A Declaration of Internet Freedom

In an age where acronyms such as SOPA, PIPA, ACTA, CISPA, CSA, and more put fear into the hearts of Internet users all over the globe it's time that someone stand up and clearly define what rights we should have on the Internet. Like the Continental Congress did when America declared Independence way back in 1776, the Entertainment Consumers Association (ECA) and other advocacy groups have come up with our own version of a "Declaration" for the Internet age.

The document they helped create is called the "Declaration of Internet Freedom," and offers five key points that the ECA thinks is paramount to a free and open Internet for everyone. We will let those five important points do the talking:


We stand for a free and open Internet.

We support transparent and participatory processes for making Internet policy and the establishment of five basic principles:

Expression: Don't censor the Internet.

Access: Promote universal access to fast and affordable networks.

Openness: Keep the Internet an open network where everyone is free to connect, communicate, write, read, watch, speak, listen, learn, create and innovate.

Innovation: Protect the freedom to innovate and create without permission. Don’t block new technologies, and don’t punish innovators for their users' actions.

Privacy: Protect privacy and defend everyone’s ability to control how their data and devices are used.

You can learn more about the ECA's efforts to fight for your digital rights by visiting www.theeca.com/Digital_Rights.

[Full Disclosure: GamePolitics is an ECA publication.]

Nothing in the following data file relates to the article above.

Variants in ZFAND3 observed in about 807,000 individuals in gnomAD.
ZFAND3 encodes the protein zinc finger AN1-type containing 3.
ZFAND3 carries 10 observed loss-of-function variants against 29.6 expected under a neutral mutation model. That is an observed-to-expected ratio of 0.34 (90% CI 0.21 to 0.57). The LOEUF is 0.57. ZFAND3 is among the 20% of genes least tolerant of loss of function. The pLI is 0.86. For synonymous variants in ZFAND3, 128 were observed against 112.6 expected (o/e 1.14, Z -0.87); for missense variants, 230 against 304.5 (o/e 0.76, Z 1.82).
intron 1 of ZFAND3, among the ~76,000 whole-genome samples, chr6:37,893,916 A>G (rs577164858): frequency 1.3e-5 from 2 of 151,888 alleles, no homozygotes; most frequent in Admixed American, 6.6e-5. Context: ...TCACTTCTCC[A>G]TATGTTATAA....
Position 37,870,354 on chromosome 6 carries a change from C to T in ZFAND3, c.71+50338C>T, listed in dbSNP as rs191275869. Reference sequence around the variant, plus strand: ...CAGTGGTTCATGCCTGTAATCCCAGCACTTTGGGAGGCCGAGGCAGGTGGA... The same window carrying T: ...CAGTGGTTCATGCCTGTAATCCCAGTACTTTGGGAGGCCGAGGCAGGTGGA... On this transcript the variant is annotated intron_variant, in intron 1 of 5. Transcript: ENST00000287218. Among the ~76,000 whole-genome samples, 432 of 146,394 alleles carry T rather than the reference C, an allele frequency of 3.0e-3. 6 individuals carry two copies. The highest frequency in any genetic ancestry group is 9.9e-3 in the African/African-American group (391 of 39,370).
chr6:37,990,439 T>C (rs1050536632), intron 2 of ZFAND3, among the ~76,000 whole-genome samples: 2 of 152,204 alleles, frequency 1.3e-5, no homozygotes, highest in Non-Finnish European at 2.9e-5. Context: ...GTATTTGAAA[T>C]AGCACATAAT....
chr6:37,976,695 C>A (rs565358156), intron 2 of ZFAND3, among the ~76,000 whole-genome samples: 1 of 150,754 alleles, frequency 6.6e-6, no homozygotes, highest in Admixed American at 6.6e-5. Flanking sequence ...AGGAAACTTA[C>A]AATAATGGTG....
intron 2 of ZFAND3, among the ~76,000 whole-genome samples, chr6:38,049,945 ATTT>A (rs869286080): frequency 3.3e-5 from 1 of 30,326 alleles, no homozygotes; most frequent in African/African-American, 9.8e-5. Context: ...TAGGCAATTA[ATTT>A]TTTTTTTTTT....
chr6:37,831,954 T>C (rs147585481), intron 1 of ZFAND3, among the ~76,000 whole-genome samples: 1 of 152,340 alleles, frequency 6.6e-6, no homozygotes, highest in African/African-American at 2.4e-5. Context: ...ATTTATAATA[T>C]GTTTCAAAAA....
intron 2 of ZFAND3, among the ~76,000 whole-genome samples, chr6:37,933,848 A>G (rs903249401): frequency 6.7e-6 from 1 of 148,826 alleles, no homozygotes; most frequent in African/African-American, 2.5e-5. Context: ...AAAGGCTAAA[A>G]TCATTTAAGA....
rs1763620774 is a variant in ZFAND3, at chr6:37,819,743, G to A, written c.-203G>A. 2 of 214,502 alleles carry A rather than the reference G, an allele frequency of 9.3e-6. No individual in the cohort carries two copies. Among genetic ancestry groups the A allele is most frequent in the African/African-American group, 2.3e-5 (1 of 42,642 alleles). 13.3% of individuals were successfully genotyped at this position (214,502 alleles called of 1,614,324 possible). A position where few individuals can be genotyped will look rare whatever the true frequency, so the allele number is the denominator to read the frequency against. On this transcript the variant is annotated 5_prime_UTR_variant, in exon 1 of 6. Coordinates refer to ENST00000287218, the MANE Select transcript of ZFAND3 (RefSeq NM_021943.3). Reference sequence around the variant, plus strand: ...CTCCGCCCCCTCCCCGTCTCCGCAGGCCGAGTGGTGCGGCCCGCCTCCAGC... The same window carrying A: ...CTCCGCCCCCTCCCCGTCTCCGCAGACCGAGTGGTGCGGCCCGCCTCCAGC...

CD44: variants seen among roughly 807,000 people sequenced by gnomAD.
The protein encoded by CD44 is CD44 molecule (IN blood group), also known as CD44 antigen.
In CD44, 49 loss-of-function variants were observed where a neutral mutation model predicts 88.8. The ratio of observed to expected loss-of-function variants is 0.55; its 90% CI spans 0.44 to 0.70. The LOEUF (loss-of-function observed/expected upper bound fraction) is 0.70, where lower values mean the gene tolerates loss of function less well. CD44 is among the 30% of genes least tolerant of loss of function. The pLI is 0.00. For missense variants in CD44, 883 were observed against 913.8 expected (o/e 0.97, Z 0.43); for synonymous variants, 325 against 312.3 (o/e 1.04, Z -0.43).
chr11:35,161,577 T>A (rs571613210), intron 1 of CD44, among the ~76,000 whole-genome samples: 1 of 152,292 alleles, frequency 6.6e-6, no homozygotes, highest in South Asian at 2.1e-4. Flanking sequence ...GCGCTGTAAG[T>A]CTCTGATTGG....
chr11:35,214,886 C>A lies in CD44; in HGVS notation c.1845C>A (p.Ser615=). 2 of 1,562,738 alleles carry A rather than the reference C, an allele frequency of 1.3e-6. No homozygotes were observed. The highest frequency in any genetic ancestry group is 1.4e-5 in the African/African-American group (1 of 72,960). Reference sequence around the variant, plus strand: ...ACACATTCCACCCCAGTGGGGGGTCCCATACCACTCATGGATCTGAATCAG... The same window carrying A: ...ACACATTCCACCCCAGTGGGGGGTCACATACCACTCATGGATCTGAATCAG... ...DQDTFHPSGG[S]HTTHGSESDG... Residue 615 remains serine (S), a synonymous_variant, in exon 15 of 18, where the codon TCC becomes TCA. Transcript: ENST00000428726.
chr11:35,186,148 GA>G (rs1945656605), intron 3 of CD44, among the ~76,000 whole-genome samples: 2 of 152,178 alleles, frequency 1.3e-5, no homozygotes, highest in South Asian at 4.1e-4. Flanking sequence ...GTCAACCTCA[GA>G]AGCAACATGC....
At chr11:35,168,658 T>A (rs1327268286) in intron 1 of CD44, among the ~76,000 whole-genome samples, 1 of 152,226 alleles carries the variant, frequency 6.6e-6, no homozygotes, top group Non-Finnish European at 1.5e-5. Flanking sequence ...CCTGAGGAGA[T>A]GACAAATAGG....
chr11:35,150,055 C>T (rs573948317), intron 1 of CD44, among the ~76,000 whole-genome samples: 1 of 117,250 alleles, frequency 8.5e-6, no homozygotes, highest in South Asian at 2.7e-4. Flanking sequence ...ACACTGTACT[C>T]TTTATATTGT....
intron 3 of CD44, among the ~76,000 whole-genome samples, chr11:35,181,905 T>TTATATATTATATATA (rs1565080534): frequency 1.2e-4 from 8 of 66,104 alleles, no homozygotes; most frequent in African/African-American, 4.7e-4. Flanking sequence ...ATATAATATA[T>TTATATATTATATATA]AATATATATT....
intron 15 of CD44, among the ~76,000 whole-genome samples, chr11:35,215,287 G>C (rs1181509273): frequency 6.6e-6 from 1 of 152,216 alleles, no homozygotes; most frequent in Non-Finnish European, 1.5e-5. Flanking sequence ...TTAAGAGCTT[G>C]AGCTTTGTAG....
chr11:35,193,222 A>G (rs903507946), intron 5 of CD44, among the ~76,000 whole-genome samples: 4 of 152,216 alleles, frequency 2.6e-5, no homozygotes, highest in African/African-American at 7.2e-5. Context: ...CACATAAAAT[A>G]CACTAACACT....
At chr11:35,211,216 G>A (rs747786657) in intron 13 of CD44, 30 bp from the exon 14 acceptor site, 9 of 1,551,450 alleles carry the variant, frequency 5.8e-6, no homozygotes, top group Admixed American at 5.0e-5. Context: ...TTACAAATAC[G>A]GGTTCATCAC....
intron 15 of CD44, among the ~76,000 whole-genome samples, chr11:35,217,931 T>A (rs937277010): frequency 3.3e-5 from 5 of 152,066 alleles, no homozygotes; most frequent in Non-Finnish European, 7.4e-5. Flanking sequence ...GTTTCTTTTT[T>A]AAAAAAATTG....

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  1. 0
    Atrayo says:

    There is one thing this "Declaration of Internet Freedom" left out.


    Protection: from cyber-attacks be it on the personal level (ie identity theft or other cyber malfeasance )

    This "Declaration of Internet Freedom" will only be viable to Nations that adhere to the "Rule of Law" with due process. Otherwise non-democratic States will just flip this noble ideal the bird.

  2. 0
    ZippyDSMlee says:

    Vagueness is mans best friend as they can have it both ways.

    But I guess you can lock it down to as I see it Privacy comes down to the resell or use of non vague user data.


    Expression and openness go hand in hand you can't have one without the other, I think at best its meant to say Don't block/take down stuff learn to monetize it better stop sweating the small stuff.

    Innovation reinforces that ideal.


    I think IP owners really need to get out of the 1800's or at least accept that they have yet to offer a licensing structure that dose not horribly fall apart when the masses use it…..


    The industry is more to blame for piracy than anyone else as they have allowed things to come so far, then again when you allow monopolies to run wild you get the healthcare and finical systems breaking down…..

  3. 0
    MechaTama31 says:

    That sounds nice, but Privacy seems to be at odds with Expression, Openness, and Innovation.  How can everyone (I include IP holders in everyone) be able to control how their data is used, without some restrictions on Expression and Openness?  And many Innovations do in fact threaten Privacy (hello, Facebook).  There has to be a compromise there, and nailing down what that compromise should be has been the crux of a lot of the battles we've been fighting lately.  As it is, the list seems to be a bit simplistic and idealist, a bit "eat your cake and have it too".

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